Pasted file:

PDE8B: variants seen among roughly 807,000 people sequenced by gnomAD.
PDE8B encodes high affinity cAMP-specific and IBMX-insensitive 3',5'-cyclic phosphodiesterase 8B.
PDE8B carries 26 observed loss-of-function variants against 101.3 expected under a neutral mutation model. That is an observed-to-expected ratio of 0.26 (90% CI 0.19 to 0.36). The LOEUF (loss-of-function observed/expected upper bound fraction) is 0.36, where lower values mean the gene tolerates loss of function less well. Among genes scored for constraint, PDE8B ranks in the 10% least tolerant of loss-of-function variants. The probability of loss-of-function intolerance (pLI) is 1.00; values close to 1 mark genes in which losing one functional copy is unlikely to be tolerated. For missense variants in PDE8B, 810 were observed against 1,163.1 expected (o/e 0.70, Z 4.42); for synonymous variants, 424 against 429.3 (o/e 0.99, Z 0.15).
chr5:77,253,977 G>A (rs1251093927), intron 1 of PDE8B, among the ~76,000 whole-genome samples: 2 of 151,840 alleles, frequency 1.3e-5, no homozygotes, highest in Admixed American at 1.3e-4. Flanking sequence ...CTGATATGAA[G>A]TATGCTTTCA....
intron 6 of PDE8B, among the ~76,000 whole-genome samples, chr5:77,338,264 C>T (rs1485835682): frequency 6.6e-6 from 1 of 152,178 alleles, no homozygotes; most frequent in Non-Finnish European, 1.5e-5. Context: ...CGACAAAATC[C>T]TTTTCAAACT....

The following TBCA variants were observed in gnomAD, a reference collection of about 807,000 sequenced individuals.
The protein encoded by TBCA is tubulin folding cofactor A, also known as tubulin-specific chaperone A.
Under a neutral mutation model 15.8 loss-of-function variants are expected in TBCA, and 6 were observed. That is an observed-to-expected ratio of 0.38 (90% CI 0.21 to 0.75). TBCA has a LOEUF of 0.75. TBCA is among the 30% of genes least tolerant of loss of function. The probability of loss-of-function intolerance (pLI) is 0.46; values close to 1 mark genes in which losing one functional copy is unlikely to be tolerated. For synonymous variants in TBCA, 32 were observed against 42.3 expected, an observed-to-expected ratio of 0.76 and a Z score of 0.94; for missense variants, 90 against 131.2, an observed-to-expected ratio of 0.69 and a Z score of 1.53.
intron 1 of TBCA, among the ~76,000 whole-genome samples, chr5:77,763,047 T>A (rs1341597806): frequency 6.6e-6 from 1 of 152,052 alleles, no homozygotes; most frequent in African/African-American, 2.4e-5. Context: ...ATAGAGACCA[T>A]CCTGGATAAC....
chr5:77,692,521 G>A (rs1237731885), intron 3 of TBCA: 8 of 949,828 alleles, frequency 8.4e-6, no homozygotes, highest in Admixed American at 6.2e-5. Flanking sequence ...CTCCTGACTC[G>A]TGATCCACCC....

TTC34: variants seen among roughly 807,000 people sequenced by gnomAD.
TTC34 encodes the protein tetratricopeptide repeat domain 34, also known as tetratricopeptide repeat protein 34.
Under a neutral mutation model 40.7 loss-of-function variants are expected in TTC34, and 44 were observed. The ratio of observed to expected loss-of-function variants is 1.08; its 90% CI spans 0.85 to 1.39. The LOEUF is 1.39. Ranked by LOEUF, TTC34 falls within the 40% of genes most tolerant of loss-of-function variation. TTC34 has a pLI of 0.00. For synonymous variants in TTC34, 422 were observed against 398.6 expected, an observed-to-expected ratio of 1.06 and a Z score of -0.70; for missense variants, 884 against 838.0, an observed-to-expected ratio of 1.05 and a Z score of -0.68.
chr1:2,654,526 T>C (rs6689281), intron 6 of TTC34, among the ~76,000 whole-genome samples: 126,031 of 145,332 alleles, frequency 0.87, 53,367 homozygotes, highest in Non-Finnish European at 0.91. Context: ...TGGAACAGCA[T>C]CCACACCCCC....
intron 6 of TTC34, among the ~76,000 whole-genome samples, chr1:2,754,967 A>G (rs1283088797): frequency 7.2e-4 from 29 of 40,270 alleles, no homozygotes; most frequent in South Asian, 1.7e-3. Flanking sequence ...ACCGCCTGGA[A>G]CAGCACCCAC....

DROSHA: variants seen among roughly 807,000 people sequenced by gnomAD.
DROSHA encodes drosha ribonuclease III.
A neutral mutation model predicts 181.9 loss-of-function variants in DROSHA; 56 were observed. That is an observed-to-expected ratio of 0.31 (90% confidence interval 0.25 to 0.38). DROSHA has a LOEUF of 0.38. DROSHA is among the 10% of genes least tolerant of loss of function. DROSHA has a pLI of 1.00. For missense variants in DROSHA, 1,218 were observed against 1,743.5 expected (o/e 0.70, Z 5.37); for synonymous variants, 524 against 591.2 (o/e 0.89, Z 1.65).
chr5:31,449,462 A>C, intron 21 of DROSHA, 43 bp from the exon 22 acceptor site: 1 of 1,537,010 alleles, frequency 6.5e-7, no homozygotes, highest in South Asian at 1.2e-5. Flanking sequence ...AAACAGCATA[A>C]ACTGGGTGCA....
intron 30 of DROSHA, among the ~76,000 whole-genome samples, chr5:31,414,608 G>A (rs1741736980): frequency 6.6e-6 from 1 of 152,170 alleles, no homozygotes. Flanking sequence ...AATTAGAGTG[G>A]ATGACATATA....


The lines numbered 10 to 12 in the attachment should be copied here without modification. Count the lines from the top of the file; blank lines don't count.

chr5:77,692,521 G>A (rs1237731885), intron 3 of TBCA: 8 of 949,828 alleles, frequency 8.4e-6, no homozygotes, highest in Admixed American at 6.2e-5. Flanking sequence ...CTCCTGACTC[G>A]TGATCCACCC....

TTC34: variants seen among roughly 807,000 people sequenced by gnomAD.
TTC34 encodes the protein tetratricopeptide repeat domain 34, also known as tetratricopeptide repeat protein 34.